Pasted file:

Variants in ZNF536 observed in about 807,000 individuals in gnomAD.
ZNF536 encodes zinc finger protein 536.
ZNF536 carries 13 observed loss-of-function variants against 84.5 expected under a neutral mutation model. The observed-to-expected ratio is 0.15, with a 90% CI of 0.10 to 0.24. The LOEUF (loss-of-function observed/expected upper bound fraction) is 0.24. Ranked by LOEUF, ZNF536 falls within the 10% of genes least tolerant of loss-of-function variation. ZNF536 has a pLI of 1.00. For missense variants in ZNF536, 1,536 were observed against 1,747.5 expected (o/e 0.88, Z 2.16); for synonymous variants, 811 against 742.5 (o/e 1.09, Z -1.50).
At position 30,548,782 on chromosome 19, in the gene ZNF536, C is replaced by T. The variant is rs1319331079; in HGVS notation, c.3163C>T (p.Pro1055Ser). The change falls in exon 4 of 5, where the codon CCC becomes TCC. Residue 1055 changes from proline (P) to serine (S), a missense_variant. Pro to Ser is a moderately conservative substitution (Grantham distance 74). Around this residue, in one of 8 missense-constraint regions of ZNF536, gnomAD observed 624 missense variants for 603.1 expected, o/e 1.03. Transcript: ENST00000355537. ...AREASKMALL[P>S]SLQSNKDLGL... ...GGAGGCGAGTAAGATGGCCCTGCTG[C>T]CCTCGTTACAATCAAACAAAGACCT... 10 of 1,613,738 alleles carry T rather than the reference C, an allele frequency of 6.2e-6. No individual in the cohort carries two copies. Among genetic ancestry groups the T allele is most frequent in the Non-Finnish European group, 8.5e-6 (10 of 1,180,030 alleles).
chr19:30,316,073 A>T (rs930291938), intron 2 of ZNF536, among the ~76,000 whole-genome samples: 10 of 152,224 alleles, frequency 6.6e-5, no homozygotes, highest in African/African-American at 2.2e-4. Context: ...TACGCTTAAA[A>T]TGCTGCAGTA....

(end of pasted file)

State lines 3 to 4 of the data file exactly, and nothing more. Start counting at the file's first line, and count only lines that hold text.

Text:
ZNF536 carries 13 observed loss-of-function variants against 84.5 expected under a neutral mutation model. The observed-to-expected ratio is 0.15, with a 90% CI of 0.10 to 0.24. The LOEUF (loss-of-function observed/expected upper bound fraction) is 0.24. Ranked by LOEUF, ZNF536 falls within the 10% of genes least tolerant of loss-of-function variation. ZNF536 has a pLI of 1.00. For missense variants in ZNF536, 1,536 were observed against 1,747.5 expected (o/e 0.88, Z 2.16); for synonymous variants, 811 against 742.5 (o/e 1.09, Z -1.50).
At position 30,548,782 on chromosome 19, in the gene ZNF536, C is replaced by T. The variant is rs1319331079; in HGVS notation, c.3163C>T (p.Pro1055Ser). The change falls in exon 4 of 5, where the codon CCC becomes TCC. Residue 1055 changes from proline (P) to serine (S), a missense_variant. Pro to Ser is a moderately conservative substitution (Grantham distance 74). Around this residue, in one of 8 missense-constraint regions of ZNF536, gnomAD observed 624 missense variants for 603.1 expected, o/e 1.03. Transcript: ENST00000355537. ...AREASKMALL[P>S]SLQSNKDLGL... ...GGAGGCGAGTAAGATGGCCCTGCTG[C>T]CCTCGTTACAATCAAACAAAGACCT... 10 of 1,613,738 alleles carry T rather than the reference C, an allele frequency of 6.2e-6. No individual in the cohort carries two copies. Among genetic ancestry groups the T allele is most frequent in the Non-Finnish European group, 8.5e-6 (10 of 1,180,030 alleles).